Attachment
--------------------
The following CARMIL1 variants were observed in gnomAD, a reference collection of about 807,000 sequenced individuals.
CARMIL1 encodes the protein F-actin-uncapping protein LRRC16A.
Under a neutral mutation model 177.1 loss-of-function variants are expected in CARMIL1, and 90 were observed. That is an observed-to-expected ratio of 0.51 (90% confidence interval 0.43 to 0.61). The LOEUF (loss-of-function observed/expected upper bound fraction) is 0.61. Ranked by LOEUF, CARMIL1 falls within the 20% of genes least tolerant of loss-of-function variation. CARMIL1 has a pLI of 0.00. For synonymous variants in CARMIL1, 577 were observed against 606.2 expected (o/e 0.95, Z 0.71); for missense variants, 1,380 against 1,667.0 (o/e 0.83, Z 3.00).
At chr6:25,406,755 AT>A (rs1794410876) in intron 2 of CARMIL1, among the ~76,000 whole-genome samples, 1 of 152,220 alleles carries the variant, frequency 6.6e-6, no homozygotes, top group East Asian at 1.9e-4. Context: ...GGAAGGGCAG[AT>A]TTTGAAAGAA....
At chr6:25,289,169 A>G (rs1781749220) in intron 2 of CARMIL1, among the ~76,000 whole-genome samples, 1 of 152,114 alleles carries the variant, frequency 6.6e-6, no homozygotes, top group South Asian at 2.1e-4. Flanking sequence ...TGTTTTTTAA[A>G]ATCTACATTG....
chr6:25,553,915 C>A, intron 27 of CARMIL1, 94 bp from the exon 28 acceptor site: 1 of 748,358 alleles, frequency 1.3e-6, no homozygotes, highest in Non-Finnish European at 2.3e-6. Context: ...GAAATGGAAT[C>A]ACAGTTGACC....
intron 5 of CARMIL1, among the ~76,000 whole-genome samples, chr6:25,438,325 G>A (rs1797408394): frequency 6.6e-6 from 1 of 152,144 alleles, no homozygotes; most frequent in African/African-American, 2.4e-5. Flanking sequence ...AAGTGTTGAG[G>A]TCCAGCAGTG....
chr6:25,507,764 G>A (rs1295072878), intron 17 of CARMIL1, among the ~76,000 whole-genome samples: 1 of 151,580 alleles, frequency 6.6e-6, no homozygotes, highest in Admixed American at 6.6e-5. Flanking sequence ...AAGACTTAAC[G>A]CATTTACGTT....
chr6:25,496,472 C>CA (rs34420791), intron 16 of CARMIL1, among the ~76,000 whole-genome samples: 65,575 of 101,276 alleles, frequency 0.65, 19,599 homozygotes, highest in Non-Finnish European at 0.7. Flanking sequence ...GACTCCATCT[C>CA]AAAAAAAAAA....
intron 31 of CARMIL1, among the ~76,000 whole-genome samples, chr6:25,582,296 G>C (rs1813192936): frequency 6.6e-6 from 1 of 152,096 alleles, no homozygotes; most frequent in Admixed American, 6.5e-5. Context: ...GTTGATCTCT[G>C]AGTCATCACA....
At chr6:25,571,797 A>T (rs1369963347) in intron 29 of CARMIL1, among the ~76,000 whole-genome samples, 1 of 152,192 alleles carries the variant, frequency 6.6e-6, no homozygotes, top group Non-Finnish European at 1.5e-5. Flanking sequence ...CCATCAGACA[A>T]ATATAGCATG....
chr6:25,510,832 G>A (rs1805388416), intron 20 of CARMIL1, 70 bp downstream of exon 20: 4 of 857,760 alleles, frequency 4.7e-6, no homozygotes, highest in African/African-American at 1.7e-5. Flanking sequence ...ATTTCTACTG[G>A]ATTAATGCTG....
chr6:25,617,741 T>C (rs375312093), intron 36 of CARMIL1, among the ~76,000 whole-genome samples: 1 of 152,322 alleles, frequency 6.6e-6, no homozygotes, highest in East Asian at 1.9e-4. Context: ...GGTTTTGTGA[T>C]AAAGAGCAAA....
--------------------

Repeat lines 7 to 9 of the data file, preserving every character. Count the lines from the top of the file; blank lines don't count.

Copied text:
intron 5 of CARMIL1, among the ~76,000 whole-genome samples, chr6:25,438,325 G>A (rs1797408394): frequency 6.6e-6 from 1 of 152,144 alleles, no homozygotes; most frequent in African/African-American, 2.4e-5. Flanking sequence ...AAGTGTTGAG[G>A]TCCAGCAGTG....
chr6:25,507,764 G>A (rs1295072878), intron 17 of CARMIL1, among the ~76,000 whole-genome samples: 1 of 151,580 alleles, frequency 6.6e-6, no homozygotes, highest in Admixed American at 6.6e-5. Flanking sequence ...AAGACTTAAC[G>A]CATTTACGTT....
chr6:25,496,472 C>CA (rs34420791), intron 16 of CARMIL1, among the ~76,000 whole-genome samples: 65,575 of 101,276 alleles, frequency 0.65, 19,599 homozygotes, highest in Non-Finnish European at 0.7. Flanking sequence ...GACTCCATCT[C>CA]AAAAAAAAAA....